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Symptoms of a Bad Muffler, and How to Fix It

Stephen Fogel
May 1, 2018

muffler

The average muffler will last around five to seven years. It is a wear item, although improved materials and the hotter operating temperatures of today’s emission-controlled engines have resulted in higher-quality, longer-lasting exhaust system components. But you will eventually have to replace your muffler.

Your muffler is constantly exposed to high levels of heat and pressure. The metal can rust, it can crack, and holes can form. Your replacement intervals may be even shorter if you live in a cold climate with heavy salt use on the roads, or if your area has bad roads, big potholes and speed bumps that your car bottoms out on. All these factors will shorten your muffler’s lifespan.

Here are some symptoms of a bad muffler:

Your car sounds louder: Most symptoms of a bad muffler are sound-related. After all, if the single part of your vehicle responsible for keeping it quiet goes bad, you’ll hear it.

A sudden increase in the loudness of your car can mean that your muffler is bad, but it could also mean that your exhaust system is leaking somewhere else. An exhaust leak can also cause a fluttering noise. You could have a loose exhaust manifold, a rusted or separated exhaust pipe, or even a damaged or loose catalytic converter. Call your mechanic and have your entire exhaust system checked out.

Your engine is misfiring: Some engine problems can be the result of damage to your muffler. Engines are designed to run best with the entire exhaust system intact and sealed. Internal damage to your muffler may also cause the engine to run rough, without making your exhaust sound any louder. Call your mechanic before it gets worse.

Your fuel economy drops noticeably: A damaged or loose muffler can harm your gas mileage — as can a number of other problems. If you notice reduced fuel efficiency, have your mechanic take a look at your vehicle. Whatever the cause, you’re losing money every day if you’re wasting fuel.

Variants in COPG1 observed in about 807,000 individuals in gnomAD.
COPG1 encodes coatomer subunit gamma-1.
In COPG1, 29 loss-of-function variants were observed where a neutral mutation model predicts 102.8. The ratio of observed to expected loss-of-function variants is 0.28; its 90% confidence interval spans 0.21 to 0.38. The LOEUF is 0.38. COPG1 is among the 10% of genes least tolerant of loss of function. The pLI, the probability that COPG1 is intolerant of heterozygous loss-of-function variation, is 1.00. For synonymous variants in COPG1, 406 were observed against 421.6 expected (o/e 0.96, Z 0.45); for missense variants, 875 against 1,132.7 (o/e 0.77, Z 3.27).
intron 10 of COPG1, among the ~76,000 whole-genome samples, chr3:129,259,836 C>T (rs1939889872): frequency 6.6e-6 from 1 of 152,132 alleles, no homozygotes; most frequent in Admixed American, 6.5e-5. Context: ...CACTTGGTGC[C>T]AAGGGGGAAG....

You hear a rattling noise under your vehicle: This can indicate a loose muffler, or a loose component rattling around inside of it. It can also mean you have a loose exhaust bracket or heat shield. Either way, your mechanic should check it out before anything gets loose enough to fall off or cause a blockage. 

You see something wrong when you look under your vehicle: A simple visual inspection can help you see any obvious muffler or exhaust system problems. Safely get under the car and use a flashlight to check the exhaust system from both sides and the rear. If you see rusted areas, cracks, clogs, holes or separation between exhaust parts, call your mechanic and have the system checked.

There’s a bad odor inside your vehicle: It's essential that all muffler- and exhaust system-related issues be dealt with immediately, because if exhaust gases get inside your car, they can be lethal. While the main villain here is odorless, colorless carbon monoxide, you will probably smell other elements of the exhaust as well. If you suspect that this is happening, open all your windows immediately and drive your car directly to your mechanic. 

Get it diagnosed by a professional
 

What does the muffler do?

Your engine is loud. That’s not surprising, considering the amount of power it has to produce in order to move your car. Each time the air-fuel mixture is compressed and ignited in one of your engine’s cylinders, it explodes, producing power — and a lot of noise. And there are thousand of these explosions per minute.

That’s where your car’s muffler comes in. It’s an essential component of the exhaust system, even though it acts separately from the rest of the exhaust system.